Regardless of how this game fares over the long term, it's almost guaranteed to be a blockbuster hit at launch. Aficionados of MMORPG's and the Elder Scrolls series won't want to miss this one when it comes out. 

Path of Exile
I won't say that there was anything wrong with Diablo III, but it is clear that fans of the franchise were sorely disappointed. Path of Exile is a new action MMORPG from a small studio in New Zealand. Currently in beta, Path of Exile is sure to be a sleeper hit when it releases, since it is made by hardcore dungeon-crawler fans with an immaculate attention to detail. The amount of customization available in the new and unique character build system ensures that no two play experiences will ever be alike, and the game was designed to satisfy all the desires of long-time dungeon-crawler fans.

While this one may not make the same splash as some others, the impressive design will undoubtedly garner attention and a loyal following. 

Game of Thrones: Seven Kingdoms
2013 is the perfect time to launch a high-budget Game of Thrones MMORPG. As the TV series maintains a top spot in the ratings, and the books consistently hit the Top 10 Bestsellers list, developer Bigpoint has a recipe for success on its hands. Not much is known about the game so far, but the early screen shots and trailer are quiet impressive for a browser-based game. Browser MMOs may have been a joke just a few years ago, but each new browser release seems to be more polished and robust than the last.

Expect Game of Thrones: Seven Kingdoms to be a hit among a large audience with its low system requirements, beautiful graphics and free-to-play business model. .

DUST 514
DUST 514 is a long anticipated MMOFPS set in the world of EVE Online. This game has already built up so much hype that its servers will be packed on day one. EVE Online is one of the most popular and longest-running MMOs in history, and DUST 514 promises to take the franchise and the genre to a new level with an unheard-of innovation.

DUST 514 will be an MMO shooter for PS3 that places players into the very servers that EVE Online players occupy, allowing them to play alongside EVE players in massive battles involving space and ground combat at the same time – in two different games. DUST 514 is sure to breathe new life into EVE Online, and solidify the strength of the franchise for years to come. 

World of Warships / World of Warplanes took the MMO world by storm with World of Tanks, achieving massive success around the world, especially in the Eastern European region. From a design perspective, the beauty of World of Tanks is that the gameplay is so fresh and unique that it does not have to compete directly with behemoths such as World of Warcraft or Planetside 2. The developers are placing a big bet on this kind of creativity by releasing two new games at once – World of Warships and World of Warplanes.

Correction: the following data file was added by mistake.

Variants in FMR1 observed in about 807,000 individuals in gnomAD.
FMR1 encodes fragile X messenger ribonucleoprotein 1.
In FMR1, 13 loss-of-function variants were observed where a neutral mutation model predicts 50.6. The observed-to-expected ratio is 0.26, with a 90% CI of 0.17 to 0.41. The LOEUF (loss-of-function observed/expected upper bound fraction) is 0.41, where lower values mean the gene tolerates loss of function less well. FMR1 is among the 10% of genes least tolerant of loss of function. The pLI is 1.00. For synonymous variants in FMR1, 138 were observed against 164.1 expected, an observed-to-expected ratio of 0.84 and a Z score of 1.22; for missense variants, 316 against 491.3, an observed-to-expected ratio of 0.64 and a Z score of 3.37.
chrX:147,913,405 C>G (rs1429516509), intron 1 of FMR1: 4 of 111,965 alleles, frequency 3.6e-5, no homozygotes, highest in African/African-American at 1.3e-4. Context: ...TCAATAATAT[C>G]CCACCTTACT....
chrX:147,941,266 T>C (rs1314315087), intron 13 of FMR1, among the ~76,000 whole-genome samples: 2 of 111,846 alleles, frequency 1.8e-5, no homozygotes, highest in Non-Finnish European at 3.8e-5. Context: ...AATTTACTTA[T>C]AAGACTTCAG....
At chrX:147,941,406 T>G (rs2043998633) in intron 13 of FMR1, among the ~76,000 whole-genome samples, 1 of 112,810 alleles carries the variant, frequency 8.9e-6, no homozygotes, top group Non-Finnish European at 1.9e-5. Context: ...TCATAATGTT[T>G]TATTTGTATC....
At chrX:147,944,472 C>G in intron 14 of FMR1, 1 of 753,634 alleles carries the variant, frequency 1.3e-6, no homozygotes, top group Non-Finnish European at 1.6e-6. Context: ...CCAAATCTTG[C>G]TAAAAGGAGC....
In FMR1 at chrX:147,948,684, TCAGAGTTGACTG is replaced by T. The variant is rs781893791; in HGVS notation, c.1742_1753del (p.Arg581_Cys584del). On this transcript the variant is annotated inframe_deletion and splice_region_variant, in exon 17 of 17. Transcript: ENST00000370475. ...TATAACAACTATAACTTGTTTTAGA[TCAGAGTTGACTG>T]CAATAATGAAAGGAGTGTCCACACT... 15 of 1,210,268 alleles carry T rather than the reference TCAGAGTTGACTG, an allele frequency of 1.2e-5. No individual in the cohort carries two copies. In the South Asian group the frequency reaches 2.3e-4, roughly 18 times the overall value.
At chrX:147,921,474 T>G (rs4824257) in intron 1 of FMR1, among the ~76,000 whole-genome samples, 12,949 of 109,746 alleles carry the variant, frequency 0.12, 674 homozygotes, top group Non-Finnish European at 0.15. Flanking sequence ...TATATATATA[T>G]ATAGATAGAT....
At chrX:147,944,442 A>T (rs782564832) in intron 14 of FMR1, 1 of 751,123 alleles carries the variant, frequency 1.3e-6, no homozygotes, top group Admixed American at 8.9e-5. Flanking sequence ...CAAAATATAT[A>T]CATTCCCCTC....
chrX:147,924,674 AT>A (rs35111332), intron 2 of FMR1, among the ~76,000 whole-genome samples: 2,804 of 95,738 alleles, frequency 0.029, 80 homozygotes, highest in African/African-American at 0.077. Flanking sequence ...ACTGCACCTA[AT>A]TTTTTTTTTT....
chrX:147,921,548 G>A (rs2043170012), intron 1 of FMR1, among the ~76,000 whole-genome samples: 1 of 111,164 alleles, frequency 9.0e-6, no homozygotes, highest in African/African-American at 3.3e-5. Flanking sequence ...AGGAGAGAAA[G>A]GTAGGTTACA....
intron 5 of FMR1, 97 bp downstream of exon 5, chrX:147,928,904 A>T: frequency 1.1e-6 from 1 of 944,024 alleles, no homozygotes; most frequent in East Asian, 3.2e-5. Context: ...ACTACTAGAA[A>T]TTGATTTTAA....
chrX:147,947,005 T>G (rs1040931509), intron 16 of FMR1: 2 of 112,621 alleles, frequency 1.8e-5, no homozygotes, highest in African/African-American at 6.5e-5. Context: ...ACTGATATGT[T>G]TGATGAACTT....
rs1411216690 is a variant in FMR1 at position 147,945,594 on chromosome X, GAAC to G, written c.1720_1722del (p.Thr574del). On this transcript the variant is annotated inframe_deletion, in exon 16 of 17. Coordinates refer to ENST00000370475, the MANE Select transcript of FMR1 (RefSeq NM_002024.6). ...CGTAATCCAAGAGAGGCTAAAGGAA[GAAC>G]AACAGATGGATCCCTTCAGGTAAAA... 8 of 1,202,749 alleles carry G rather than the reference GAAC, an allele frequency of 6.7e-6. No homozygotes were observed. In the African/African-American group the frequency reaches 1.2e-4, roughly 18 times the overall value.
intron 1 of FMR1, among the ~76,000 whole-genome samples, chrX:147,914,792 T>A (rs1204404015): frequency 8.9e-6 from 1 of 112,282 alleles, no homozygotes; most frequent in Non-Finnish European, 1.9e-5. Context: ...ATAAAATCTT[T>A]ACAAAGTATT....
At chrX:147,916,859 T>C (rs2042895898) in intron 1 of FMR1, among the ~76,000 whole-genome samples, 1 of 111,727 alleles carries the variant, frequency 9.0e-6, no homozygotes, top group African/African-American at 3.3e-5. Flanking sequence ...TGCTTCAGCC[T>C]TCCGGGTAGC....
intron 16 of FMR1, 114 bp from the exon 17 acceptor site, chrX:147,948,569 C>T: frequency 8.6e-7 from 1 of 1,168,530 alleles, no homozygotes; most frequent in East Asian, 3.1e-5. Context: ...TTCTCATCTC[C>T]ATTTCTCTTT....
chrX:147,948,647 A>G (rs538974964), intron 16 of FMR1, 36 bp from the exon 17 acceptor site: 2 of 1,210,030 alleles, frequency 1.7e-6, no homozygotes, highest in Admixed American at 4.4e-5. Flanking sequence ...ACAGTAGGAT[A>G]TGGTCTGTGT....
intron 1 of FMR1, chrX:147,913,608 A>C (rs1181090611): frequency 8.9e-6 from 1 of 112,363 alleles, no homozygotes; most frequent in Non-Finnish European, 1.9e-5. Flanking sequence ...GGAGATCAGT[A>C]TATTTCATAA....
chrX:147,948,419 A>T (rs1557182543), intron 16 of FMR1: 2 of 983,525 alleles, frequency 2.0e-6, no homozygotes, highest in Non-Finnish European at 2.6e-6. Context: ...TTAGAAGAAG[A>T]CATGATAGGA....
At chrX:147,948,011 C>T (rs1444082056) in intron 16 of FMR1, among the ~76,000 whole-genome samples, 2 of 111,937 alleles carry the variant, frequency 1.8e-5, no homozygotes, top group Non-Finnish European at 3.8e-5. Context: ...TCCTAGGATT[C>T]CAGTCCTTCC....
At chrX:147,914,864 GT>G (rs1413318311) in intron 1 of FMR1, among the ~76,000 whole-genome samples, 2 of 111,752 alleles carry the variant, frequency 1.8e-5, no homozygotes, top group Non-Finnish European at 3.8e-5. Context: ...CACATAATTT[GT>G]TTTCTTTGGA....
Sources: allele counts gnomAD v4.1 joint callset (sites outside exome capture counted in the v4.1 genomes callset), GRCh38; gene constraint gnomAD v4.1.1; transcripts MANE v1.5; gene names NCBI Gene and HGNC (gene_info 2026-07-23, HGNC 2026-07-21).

Simply looking at screenshots and watching videos does not make me excited about these games, but the unbridled success of the predecessor tells me that both of these games are going to be hits when they release. Both games release to an already loyal audience, and the marketing momentum of maintaining three games at once can be huge if done properly. I'm going to especially keep an eye on World of Warships, because the premise allows for a much more similar play experience to World of Tanks, which people have already come to love. 

Saturday, April 13, 2013

What Do Industry-Wide Layoffs Mean For You?

I've noticed a fairly steady flow of layoff and studio-closure announcements over the past six months, and very little in the way of promising startups or studio expansions. Electronic Arts (EA) recently announced another round of layoffs, leading to the expected speculation about studio closures around the world (especially in Montreal). In a market where video games continue to gain traction with new and old players alike, how can we interpret this counter-intuitive news? And what does it mean for professionals in the industry looking for work?

Lean Business vs. Bloated Payrolls
One constant in the layoff announcements is the focus on "leaning up" organizational structures in the industry. Let's face it, tech talent is not cheap, and the best software engineers come at a hefty price. Perhaps the expanding and saturated video game market is slowing down on it's support for multi-million dollar cash-cow franchises, and companies with huge payrolls are no longer seeing the payoff they once could.

Consider Blizzard's new development project, "Hearthstone," which I believe currently has a 15-person development team committed to it. Blizzard mentions in their sneak-peek trailer that they believe small, lean teams developing niche games is the way of the future. I've also heard this kind of language in numerous Kickstarter campaigns run by industry veterans (think Project Eternity). The concepts of lean business seem to be making their way into our industry (a bit late compared to others), and layoffs are an inevitable result of this.